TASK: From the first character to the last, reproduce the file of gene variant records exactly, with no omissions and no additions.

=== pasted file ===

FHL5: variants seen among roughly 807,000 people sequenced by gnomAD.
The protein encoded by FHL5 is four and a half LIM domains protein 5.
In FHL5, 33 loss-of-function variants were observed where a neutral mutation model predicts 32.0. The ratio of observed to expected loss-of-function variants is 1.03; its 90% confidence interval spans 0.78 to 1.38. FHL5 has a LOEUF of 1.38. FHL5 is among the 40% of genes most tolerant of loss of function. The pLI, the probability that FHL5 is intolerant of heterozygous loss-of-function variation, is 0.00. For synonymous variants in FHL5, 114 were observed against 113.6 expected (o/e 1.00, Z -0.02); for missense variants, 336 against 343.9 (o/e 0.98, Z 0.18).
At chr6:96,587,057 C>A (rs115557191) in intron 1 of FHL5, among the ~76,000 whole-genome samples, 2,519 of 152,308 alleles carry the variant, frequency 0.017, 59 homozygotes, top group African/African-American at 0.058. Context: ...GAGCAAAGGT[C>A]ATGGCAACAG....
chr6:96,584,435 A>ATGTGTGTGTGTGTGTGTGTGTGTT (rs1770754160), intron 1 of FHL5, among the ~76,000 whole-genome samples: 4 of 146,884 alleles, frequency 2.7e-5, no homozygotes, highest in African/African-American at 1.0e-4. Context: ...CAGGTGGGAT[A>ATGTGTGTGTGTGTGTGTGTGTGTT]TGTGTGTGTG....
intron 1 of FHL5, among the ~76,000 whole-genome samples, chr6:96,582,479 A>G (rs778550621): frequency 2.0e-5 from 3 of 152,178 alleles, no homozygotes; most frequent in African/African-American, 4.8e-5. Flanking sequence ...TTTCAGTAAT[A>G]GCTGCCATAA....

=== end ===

FHL5: variants seen among roughly 807,000 people sequenced by gnomAD.
The protein encoded by FHL5 is four and a half LIM domains protein 5.
In FHL5, 33 loss-of-function variants were observed where a neutral mutation model predicts 32.0. The ratio of observed to expected loss-of-function variants is 1.03; its 90% confidence interval spans 0.78 to 1.38. FHL5 has a LOEUF of 1.38. FHL5 is among the 40% of genes most tolerant of loss of function. The pLI, the probability that FHL5 is intolerant of heterozygous loss-of-function variation, is 0.00. For synonymous variants in FHL5, 114 were observed against 113.6 expected (o/e 1.00, Z -0.02); for missense variants, 336 against 343.9 (o/e 0.98, Z 0.18).
At chr6:96,587,057 C>A (rs115557191) in intron 1 of FHL5, among the ~76,000 whole-genome samples, 2,519 of 152,308 alleles carry the variant, frequency 0.017, 59 homozygotes, top group African/African-American at 0.058. Context: ...GAGCAAAGGT[C>A]ATGGCAACAG....
chr6:96,584,435 A>ATGTGTGTGTGTGTGTGTGTGTGTT (rs1770754160), intron 1 of FHL5, among the ~76,000 whole-genome samples: 4 of 146,884 alleles, frequency 2.7e-5, no homozygotes, highest in African/African-American at 1.0e-4. Context: ...CAGGTGGGAT[A>ATGTGTGTGTGTGTGTGTGTGTGTT]TGTGTGTGTG....
intron 1 of FHL5, among the ~76,000 whole-genome samples, chr6:96,582,479 A>G (rs778550621): frequency 2.0e-5 from 3 of 152,178 alleles, no homozygotes; most frequent in African/African-American, 4.8e-5. Flanking sequence ...TTTCAGTAAT[A>G]GCTGCCATAA....